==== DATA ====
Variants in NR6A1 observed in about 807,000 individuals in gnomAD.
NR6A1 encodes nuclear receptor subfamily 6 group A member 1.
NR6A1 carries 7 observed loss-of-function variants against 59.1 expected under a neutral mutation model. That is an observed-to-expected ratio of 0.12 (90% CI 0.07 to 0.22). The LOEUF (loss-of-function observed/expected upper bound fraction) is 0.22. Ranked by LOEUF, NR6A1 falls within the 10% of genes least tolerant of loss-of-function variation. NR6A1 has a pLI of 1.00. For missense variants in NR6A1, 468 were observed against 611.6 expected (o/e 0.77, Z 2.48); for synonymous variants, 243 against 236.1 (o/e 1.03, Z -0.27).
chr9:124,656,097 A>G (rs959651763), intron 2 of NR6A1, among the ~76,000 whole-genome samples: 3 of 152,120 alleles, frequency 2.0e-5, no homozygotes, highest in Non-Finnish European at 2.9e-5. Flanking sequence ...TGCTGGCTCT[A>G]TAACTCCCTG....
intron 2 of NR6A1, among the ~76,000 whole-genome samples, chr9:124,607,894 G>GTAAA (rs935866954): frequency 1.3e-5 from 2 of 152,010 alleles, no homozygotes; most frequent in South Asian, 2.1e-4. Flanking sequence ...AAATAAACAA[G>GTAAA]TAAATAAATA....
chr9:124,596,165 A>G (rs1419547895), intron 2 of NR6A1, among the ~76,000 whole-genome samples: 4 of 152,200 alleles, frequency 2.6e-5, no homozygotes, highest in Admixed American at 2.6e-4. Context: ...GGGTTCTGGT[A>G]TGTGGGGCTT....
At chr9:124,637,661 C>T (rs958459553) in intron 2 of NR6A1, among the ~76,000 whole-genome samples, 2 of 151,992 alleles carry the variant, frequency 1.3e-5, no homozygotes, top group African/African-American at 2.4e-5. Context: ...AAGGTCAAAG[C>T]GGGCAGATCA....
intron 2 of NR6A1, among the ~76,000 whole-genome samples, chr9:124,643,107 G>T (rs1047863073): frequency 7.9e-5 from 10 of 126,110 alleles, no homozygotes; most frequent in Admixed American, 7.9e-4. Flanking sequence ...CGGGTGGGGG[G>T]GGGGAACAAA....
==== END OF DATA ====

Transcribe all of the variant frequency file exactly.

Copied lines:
Variants in NR6A1 observed in about 807,000 individuals in gnomAD.
NR6A1 encodes nuclear receptor subfamily 6 group A member 1.
NR6A1 carries 7 observed loss-of-function variants against 59.1 expected under a neutral mutation model. That is an observed-to-expected ratio of 0.12 (90% CI 0.07 to 0.22). The LOEUF (loss-of-function observed/expected upper bound fraction) is 0.22. Ranked by LOEUF, NR6A1 falls within the 10% of genes least tolerant of loss-of-function variation. NR6A1 has a pLI of 1.00. For missense variants in NR6A1, 468 were observed against 611.6 expected (o/e 0.77, Z 2.48); for synonymous variants, 243 against 236.1 (o/e 1.03, Z -0.27).
chr9:124,656,097 A>G (rs959651763), intron 2 of NR6A1, among the ~76,000 whole-genome samples: 3 of 152,120 alleles, frequency 2.0e-5, no homozygotes, highest in Non-Finnish European at 2.9e-5. Flanking sequence ...TGCTGGCTCT[A>G]TAACTCCCTG....
intron 2 of NR6A1, among the ~76,000 whole-genome samples, chr9:124,607,894 G>GTAAA (rs935866954): frequency 1.3e-5 from 2 of 152,010 alleles, no homozygotes; most frequent in South Asian, 2.1e-4. Flanking sequence ...AAATAAACAA[G>GTAAA]TAAATAAATA....
chr9:124,596,165 A>G (rs1419547895), intron 2 of NR6A1, among the ~76,000 whole-genome samples: 4 of 152,200 alleles, frequency 2.6e-5, no homozygotes, highest in Admixed American at 2.6e-4. Context: ...GGGTTCTGGT[A>G]TGTGGGGCTT....
At chr9:124,637,661 C>T (rs958459553) in intron 2 of NR6A1, among the ~76,000 whole-genome samples, 2 of 151,992 alleles carry the variant, frequency 1.3e-5, no homozygotes, top group African/African-American at 2.4e-5. Context: ...AAGGTCAAAG[C>T]GGGCAGATCA....
intron 2 of NR6A1, among the ~76,000 whole-genome samples, chr9:124,643,107 G>T (rs1047863073): frequency 7.9e-5 from 10 of 126,110 alleles, no homozygotes; most frequent in Admixed American, 7.9e-4. Flanking sequence ...CGGGTGGGGG[G>T]GGGGAACAAA....